“Why Iraqis Living Under the Islamic State Fear Their Liberators”
The Washington Post, April 11, 2016
“While the Iraqi military and its allies may be slowly retaking cities from the Islamic State in the Sunni-dominated areas of Iraq, most Iraqi Sunnis fear and distrust the forces that are ‘liberating’ them from those militants. But what do the majority of Iraqis want for their country’s future? A recent study sheds light on this, painting a picture of an Iraq deeply divided by sectarianism. … Our data from February 2016 shows Sunni Arabs fear the forces meant to liberate them from the Islamic State. In Mosul — where a campaign to liberate Iraq’s second-biggest city from Islamic State control just started — 74 percent of Sunni survey respondents say they do not want to be liberated by the Iraqi army on its own. But this distrust for the Iraqi army is surpassed by distrust for the Shiite militias and the Kurdish Peshmerga. Of the 120 Sunni respondents in Mosul, 100 percent do not want to be liberated by Shiite militias or the Kurds. There is a very deep distrust of forces that are meant to free Sunni Iraqis from the clutches of the Islamic State. No, it is not because most Sunnis support the Islamic State. In fact, an overwhelming majority of Iraqi Sunnis oppose the Islamic State. An IIACSS poll conducted in January 2016 showed that 99 percent of Shiite and 95 percent of Sunnis across Iraq oppose the Islamic State. If so many Sunnis oppose the Islamic State, why are they so concerned about the Iraqi Army, Shiite militias and Kurdish Peshmerga working to liberating them? The answer lies in the collective identity that Sunni Iraqis hold — and the sense that their community is and will not be treated fairly by the Shiite-dominated Iraqi government and its allies. … A vast majority, 91 percent, of Sunnis do not believe that Iraqis are treated equally in terms of their rights. On the other hand, nearly 60 percent of Shiite believe that the Iraqi government applies equal protection of rights to all Iraqis.”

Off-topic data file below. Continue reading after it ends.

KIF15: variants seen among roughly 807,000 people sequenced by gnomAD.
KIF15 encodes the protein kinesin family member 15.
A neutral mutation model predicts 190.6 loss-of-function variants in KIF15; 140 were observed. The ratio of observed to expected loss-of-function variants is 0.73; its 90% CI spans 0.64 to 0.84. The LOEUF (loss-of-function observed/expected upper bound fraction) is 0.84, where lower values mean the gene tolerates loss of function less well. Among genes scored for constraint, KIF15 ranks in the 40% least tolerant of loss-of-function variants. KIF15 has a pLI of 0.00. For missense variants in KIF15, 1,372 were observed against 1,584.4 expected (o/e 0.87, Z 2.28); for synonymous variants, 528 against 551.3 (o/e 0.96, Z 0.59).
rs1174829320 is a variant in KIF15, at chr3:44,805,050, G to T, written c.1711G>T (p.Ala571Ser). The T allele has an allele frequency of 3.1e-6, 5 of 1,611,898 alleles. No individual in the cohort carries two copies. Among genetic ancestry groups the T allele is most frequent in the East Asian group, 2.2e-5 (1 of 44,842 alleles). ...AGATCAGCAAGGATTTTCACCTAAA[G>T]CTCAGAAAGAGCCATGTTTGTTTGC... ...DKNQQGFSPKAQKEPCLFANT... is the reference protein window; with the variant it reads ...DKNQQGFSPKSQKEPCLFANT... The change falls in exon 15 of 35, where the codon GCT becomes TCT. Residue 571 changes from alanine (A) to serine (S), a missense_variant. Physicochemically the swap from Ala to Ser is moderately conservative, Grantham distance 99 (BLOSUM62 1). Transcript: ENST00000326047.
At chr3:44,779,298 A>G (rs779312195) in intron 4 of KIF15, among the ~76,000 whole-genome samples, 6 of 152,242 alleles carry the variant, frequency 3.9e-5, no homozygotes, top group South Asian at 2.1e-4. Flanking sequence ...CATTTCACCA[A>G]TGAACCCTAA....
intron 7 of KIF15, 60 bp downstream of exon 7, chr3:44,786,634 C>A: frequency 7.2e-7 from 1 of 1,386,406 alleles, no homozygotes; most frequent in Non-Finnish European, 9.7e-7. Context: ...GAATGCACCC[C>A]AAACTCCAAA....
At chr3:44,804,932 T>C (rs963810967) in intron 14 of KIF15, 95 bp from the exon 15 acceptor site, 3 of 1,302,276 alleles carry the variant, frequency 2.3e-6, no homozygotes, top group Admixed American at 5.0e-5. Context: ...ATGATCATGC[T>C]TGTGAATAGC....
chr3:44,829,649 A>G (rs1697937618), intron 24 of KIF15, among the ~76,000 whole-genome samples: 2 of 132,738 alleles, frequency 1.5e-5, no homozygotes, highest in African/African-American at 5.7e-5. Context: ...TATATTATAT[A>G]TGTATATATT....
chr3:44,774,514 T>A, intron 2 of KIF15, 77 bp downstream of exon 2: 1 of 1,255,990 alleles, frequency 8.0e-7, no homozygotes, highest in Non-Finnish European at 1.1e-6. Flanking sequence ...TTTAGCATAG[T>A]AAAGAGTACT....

Quickie analysis: Troubling evidence that the Iraqi government has done almost nothing to address the underlying discontent that led to ISIS’s advance in the first place.